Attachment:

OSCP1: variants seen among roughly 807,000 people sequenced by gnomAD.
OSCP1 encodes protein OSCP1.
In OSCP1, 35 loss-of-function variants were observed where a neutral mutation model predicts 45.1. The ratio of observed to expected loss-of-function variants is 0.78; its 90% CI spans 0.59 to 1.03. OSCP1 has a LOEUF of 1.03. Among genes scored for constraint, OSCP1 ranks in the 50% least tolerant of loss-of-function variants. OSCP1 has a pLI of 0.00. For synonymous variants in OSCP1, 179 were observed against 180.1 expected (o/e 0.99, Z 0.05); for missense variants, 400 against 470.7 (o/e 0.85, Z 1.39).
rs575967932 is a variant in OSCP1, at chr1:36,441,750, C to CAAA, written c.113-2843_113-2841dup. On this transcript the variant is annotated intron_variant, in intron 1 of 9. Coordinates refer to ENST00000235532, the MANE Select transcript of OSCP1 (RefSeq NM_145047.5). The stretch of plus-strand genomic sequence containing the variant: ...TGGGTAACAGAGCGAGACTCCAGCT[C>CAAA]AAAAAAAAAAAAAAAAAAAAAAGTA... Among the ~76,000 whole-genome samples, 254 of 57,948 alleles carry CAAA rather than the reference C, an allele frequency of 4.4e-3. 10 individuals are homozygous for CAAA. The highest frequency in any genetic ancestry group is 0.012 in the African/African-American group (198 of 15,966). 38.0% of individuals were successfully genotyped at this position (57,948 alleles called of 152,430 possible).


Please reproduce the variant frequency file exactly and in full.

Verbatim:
OSCP1: variants seen among roughly 807,000 people sequenced by gnomAD.
OSCP1 encodes protein OSCP1.
In OSCP1, 35 loss-of-function variants were observed where a neutral mutation model predicts 45.1. The ratio of observed to expected loss-of-function variants is 0.78; its 90% CI spans 0.59 to 1.03. OSCP1 has a LOEUF of 1.03. Among genes scored for constraint, OSCP1 ranks in the 50% least tolerant of loss-of-function variants. OSCP1 has a pLI of 0.00. For synonymous variants in OSCP1, 179 were observed against 180.1 expected (o/e 0.99, Z 0.05); for missense variants, 400 against 470.7 (o/e 0.85, Z 1.39).
rs575967932 is a variant in OSCP1, at chr1:36,441,750, C to CAAA, written c.113-2843_113-2841dup. On this transcript the variant is annotated intron_variant, in intron 1 of 9. Coordinates refer to ENST00000235532, the MANE Select transcript of OSCP1 (RefSeq NM_145047.5). The stretch of plus-strand genomic sequence containing the variant: ...TGGGTAACAGAGCGAGACTCCAGCT[C>CAAA]AAAAAAAAAAAAAAAAAAAAAAGTA... Among the ~76,000 whole-genome samples, 254 of 57,948 alleles carry CAAA rather than the reference C, an allele frequency of 4.4e-3. 10 individuals are homozygous for CAAA. The highest frequency in any genetic ancestry group is 0.012 in the African/African-American group (198 of 15,966). 38.0% of individuals were successfully genotyped at this position (57,948 alleles called of 152,430 possible).